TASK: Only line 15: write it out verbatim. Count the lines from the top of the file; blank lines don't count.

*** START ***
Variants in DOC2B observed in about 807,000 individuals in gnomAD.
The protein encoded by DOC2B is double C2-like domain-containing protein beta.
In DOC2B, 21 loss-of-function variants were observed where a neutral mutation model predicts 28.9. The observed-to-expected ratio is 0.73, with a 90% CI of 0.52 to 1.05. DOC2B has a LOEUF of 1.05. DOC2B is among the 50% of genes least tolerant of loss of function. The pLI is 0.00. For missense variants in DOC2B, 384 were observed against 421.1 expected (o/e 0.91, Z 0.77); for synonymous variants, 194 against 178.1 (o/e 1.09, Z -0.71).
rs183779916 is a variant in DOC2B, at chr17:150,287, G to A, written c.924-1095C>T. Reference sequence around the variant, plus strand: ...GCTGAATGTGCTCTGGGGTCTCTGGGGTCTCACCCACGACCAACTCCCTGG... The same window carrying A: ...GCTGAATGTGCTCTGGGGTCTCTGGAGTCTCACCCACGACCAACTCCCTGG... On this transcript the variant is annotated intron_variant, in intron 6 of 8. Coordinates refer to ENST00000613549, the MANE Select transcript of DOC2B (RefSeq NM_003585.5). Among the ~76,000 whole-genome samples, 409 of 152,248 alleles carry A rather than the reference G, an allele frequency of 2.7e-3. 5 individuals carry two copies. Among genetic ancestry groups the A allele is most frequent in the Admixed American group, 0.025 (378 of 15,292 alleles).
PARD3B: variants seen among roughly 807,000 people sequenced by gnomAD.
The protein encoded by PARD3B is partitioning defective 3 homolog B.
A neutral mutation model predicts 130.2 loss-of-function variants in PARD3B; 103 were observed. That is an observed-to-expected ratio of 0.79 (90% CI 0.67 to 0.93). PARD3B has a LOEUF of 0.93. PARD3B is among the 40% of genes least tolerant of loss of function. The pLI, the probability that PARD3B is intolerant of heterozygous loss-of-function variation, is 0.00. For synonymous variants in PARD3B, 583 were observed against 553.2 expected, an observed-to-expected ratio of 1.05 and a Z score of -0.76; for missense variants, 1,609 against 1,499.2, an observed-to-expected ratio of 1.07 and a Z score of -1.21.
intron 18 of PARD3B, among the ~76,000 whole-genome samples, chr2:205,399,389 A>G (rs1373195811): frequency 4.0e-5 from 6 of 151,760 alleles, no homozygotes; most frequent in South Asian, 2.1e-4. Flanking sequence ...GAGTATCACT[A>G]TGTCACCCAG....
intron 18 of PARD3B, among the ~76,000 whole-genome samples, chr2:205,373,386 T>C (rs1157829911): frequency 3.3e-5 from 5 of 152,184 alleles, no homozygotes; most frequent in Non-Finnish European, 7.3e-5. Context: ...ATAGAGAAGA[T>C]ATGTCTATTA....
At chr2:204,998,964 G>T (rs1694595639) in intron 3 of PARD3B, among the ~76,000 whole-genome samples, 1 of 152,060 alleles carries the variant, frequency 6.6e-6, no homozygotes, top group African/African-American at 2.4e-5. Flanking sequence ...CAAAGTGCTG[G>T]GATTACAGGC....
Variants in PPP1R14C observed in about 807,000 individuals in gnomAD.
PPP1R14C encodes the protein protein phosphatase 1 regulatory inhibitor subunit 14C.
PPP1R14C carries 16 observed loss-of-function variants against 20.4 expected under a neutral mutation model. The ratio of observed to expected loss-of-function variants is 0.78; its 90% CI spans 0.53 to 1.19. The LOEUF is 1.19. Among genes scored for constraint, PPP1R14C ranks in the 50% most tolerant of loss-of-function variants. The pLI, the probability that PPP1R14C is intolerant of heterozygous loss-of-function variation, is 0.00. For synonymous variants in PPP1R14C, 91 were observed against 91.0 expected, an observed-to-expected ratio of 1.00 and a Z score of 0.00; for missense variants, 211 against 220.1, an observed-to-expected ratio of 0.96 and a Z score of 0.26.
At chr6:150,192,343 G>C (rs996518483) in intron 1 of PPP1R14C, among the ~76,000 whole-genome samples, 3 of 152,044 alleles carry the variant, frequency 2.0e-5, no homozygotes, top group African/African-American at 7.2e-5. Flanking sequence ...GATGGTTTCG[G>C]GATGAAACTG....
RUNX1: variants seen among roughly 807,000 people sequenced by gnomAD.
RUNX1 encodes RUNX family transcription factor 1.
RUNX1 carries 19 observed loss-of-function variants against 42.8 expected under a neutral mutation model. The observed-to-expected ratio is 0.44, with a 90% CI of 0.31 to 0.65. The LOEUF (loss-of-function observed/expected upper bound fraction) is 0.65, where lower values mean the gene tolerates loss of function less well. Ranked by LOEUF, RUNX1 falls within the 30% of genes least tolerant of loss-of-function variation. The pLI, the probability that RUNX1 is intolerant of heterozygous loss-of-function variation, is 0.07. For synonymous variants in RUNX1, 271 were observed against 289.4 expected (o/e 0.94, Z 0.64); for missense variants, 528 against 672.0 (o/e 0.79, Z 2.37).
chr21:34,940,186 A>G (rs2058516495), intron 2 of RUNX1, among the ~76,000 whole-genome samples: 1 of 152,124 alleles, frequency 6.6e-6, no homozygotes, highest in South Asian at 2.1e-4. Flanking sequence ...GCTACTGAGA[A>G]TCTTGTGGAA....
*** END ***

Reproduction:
RUNX1: variants seen among roughly 807,000 people sequenced by gnomAD.